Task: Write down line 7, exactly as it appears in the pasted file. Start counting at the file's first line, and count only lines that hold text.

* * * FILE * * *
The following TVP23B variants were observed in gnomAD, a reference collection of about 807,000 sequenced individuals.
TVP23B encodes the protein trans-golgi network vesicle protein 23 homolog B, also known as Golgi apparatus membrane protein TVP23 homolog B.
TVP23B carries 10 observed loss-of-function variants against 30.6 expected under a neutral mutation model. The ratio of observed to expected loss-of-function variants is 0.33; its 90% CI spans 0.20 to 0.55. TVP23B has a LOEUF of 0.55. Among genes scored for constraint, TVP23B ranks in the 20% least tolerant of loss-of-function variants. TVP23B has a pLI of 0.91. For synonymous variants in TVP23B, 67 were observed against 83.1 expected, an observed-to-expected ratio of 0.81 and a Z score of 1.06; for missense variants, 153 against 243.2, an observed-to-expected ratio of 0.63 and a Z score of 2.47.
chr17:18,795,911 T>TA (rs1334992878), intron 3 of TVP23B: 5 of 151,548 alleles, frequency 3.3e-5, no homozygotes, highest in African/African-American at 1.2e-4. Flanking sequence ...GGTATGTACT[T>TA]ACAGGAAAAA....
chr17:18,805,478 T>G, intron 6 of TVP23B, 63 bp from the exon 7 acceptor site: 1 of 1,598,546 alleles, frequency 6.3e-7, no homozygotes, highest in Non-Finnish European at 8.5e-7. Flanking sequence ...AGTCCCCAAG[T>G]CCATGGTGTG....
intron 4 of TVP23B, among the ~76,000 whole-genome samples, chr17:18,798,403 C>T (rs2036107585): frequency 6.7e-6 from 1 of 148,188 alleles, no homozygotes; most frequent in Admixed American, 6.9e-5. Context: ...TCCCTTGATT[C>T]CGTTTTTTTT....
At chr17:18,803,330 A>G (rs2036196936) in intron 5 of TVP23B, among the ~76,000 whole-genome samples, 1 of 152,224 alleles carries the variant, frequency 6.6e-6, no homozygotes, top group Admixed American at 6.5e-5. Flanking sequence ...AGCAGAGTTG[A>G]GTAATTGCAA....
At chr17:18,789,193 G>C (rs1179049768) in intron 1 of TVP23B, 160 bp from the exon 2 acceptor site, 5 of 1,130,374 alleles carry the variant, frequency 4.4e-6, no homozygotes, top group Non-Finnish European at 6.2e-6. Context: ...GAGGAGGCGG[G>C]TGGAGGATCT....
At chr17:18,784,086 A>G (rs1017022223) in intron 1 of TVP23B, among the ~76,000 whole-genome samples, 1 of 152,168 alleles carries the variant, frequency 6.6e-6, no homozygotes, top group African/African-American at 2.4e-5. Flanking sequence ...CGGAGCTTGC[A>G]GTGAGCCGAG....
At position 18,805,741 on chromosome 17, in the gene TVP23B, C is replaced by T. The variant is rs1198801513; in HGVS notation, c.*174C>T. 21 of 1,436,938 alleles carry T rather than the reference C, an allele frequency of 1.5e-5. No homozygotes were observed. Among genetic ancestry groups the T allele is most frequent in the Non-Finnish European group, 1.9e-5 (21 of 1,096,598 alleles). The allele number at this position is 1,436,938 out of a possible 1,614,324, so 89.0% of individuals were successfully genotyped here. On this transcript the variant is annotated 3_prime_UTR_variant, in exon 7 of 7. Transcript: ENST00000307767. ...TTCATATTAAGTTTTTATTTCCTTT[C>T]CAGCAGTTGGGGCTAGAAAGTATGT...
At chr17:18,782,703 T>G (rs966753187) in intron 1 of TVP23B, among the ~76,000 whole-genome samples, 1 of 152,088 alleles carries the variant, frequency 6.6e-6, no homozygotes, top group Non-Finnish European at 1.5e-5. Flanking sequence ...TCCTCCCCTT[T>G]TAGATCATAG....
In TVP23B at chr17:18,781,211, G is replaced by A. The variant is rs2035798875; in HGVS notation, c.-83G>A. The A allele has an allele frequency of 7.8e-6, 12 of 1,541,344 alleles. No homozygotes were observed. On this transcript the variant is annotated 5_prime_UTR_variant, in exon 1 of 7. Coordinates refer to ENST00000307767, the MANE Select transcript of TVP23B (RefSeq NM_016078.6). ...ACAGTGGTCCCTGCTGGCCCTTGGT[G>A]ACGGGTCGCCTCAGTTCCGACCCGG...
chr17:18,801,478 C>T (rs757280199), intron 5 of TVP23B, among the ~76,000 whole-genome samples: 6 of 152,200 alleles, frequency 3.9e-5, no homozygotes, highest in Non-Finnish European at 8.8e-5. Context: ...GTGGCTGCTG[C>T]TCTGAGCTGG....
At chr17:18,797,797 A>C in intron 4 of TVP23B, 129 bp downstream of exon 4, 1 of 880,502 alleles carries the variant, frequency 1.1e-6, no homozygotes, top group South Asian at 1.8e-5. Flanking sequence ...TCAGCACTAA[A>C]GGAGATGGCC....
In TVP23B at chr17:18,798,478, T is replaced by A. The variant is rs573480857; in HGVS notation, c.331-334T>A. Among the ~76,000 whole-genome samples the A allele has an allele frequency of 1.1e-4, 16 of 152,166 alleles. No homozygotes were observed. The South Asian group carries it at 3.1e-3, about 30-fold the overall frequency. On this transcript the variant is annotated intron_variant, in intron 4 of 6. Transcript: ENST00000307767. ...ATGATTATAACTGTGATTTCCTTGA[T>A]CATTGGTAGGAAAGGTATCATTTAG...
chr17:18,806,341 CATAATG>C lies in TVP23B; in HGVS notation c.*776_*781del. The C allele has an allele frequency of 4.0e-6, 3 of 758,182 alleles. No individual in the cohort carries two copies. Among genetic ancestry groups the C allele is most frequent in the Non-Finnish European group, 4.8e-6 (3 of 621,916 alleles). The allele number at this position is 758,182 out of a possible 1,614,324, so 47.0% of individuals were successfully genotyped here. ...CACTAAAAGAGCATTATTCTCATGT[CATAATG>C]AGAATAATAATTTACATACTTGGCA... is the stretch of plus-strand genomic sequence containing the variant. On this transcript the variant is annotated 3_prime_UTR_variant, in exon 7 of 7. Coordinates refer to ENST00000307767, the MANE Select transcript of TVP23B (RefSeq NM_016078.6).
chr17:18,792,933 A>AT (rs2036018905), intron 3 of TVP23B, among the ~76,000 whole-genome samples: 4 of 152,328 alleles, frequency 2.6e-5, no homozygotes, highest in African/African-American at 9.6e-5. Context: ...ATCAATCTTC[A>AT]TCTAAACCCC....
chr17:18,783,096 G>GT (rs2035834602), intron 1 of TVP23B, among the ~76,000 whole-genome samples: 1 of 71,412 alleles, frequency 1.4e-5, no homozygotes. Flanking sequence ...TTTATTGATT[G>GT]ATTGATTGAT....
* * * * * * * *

At chr17:18,803,330 A>G (rs2036196936) in intron 5 of TVP23B, among the ~76,000 whole-genome samples, 1 of 152,224 alleles carries the variant, frequency 6.6e-6, no homozygotes, top group Admixed American at 6.5e-5. Flanking sequence ...AGCAGAGTTG[A>G]GTAATTGCAA....